Grammy award-winning trumpet artist Dr. Christopher Moore and ULM trumpet professor Dr. Aaron Witek will give a joint recital on January 13th at 7:30 p.m. in the Emy-Lou Biedenharn Recital Hall. Musical selections will include works for two trumpets by Vivialdi, Morales, Pascual-Vilaplana, and works for solo trumpet by Basler, Clarke, Enesco, Peaslee. In addition, Dr. Moore will teach lessons to ULM trumpet students and present a master class while he is in residence.

Faculty members in the Division of Music at Ouachita Baptist University will present a concert of solo and ensemble works for brass on January 26th at 7:30 p.m. in the Emy-Lou Biedenharn Recital Hall. Ensemble members include Dr. Craig V. Hamilton, trumpet; Dr. Heather Thayer, horn; and Dr. Justin Isenhour, trombone (we were undergraduate classmates at Appalachian State University). The group will give a master class for music students on January 27th at 11:00 a.m.

Dr. Nicholas Kenney, Assistant Professor of Horn and Assistant Director of Bands at Southeast Missouri State University, will perform a recital on March 17th at 11:00 a.m. in the Emy-Lou Biedenharn Recital Hall. A frequent soloist and guest clinician, Dr. Kenney was named a finalist in the 2009 International Horn Competition of America. His program will feature the music of Antonio Vivaldi, Paul Basler, Eugene Bozza, and Bernhard Krol. ULM faculty members Dr. Richard Seiler and Dr. James Boldin will also perform on the concert. Dr. Kenney will present a master class on March 16th at 3:30 p.m.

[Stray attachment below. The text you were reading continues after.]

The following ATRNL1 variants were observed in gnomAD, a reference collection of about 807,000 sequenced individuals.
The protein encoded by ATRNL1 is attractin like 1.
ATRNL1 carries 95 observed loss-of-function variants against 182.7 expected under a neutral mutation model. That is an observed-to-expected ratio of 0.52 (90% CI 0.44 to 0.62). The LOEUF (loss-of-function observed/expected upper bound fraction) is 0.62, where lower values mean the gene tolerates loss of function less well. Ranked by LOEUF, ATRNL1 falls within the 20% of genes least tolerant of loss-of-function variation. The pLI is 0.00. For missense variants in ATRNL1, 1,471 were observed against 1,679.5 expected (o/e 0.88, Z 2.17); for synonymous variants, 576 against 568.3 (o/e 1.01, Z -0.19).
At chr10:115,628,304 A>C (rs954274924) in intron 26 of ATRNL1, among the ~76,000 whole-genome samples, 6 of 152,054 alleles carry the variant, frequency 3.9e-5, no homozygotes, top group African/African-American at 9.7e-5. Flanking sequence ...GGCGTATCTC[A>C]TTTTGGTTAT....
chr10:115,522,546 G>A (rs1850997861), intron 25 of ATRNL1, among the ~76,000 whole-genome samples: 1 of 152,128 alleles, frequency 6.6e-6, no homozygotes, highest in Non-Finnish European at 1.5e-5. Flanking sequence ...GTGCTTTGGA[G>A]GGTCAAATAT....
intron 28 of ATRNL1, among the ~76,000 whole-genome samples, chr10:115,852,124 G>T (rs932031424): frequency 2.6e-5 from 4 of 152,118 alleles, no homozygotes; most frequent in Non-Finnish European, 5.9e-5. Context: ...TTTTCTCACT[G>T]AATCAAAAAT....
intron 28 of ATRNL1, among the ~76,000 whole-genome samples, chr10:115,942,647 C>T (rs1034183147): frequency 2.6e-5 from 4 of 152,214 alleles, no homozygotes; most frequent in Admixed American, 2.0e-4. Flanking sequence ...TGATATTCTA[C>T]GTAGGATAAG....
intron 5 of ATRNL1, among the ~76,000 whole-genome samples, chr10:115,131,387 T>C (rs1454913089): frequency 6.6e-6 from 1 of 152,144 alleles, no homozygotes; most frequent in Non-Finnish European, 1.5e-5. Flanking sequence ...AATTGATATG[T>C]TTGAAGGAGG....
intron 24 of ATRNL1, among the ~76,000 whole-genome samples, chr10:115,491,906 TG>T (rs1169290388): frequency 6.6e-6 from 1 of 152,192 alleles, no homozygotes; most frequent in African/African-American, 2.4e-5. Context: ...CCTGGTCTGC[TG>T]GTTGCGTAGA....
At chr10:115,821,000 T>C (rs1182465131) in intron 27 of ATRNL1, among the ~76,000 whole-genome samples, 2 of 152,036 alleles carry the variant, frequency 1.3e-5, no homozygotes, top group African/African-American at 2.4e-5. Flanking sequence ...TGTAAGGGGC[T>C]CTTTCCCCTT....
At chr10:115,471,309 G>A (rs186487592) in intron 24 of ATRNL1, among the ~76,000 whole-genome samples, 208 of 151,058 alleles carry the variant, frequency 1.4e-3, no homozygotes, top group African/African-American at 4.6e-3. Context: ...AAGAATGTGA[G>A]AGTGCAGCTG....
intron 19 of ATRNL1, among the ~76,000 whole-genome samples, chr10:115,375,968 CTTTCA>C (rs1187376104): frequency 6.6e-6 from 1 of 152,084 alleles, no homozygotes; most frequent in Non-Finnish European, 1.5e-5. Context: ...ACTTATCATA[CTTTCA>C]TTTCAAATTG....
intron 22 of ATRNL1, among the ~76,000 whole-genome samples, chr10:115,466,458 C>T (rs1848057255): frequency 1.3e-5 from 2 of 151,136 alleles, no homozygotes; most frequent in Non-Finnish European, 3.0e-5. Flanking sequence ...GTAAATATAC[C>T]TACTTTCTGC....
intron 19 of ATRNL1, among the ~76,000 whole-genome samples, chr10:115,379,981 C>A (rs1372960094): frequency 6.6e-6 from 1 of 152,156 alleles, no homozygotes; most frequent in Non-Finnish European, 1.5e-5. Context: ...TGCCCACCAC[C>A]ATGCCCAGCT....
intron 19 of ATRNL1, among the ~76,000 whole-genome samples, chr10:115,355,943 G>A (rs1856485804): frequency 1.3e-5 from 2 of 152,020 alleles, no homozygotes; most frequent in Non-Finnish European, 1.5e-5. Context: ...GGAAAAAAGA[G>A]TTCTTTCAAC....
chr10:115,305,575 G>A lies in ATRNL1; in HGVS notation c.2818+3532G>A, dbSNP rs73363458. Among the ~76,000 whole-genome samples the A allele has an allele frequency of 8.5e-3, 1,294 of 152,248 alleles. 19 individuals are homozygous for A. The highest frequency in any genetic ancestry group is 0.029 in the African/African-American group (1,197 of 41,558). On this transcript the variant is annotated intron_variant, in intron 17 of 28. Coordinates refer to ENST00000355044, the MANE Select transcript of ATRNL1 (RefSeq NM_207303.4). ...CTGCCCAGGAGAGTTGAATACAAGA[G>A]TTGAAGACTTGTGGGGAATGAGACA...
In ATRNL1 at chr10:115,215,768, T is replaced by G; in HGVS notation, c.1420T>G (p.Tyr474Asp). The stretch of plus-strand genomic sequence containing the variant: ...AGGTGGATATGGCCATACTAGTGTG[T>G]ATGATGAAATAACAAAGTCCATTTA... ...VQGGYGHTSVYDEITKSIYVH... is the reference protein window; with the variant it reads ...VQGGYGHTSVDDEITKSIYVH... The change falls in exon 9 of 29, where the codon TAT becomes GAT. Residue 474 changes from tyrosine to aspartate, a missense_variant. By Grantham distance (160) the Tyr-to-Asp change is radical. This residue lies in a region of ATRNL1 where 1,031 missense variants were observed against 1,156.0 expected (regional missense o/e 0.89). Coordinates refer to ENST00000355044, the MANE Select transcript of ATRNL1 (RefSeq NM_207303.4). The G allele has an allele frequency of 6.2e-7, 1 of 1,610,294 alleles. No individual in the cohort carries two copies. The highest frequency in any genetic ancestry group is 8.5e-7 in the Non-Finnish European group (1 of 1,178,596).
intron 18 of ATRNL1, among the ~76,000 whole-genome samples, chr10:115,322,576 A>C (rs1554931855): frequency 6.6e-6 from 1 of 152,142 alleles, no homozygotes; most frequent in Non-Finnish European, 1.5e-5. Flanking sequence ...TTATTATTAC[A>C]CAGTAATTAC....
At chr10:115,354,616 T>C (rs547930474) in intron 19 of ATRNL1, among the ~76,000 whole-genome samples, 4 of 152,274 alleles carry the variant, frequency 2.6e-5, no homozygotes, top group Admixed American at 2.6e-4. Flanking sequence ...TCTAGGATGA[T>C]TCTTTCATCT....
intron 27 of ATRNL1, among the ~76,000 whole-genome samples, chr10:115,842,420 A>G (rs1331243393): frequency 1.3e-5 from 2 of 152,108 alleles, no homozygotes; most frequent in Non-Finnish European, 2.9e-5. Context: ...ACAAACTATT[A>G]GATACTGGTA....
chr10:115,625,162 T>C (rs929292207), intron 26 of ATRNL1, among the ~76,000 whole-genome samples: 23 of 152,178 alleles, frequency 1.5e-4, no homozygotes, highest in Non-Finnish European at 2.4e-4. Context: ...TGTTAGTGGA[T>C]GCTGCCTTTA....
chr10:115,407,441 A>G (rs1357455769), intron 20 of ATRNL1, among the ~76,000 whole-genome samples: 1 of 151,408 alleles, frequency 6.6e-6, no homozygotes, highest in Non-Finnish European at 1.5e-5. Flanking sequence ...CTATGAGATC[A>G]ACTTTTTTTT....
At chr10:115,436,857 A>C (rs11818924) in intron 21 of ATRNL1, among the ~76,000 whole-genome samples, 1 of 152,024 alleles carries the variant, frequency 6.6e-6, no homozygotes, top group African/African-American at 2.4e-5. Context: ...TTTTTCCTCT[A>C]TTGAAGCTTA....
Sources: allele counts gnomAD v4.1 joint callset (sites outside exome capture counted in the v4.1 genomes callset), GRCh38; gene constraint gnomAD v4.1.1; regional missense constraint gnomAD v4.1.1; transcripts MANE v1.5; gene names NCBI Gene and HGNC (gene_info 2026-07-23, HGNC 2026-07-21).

Coming up in Semester Preview, Part 2: Orchestral performances, horn conferences, work on my book project, and more reviews.

Fall Semester Preview

Now that the dust has settled a little bit from the first week of classes, here’s an overview of some activities coming up this semester. I’m very excited to be working with my colleagues and students again, and am looking forward to a great fall!

  • Faculty Recital, Music for Horns and Organ: This year my annual faculty recital (October 7th, First Presbyterian Church, Monroe, LA) will feature music for horn and organ, including several works for two horns and organ. I’ll be joined by Richard Seiler on organ and Andrew Downing on horn. Andy and I will give a repeat performance of this program on October 19th in the Dallas area. There is a lot of great repertoire to talk about on this program, so look for a follow up post in the near future.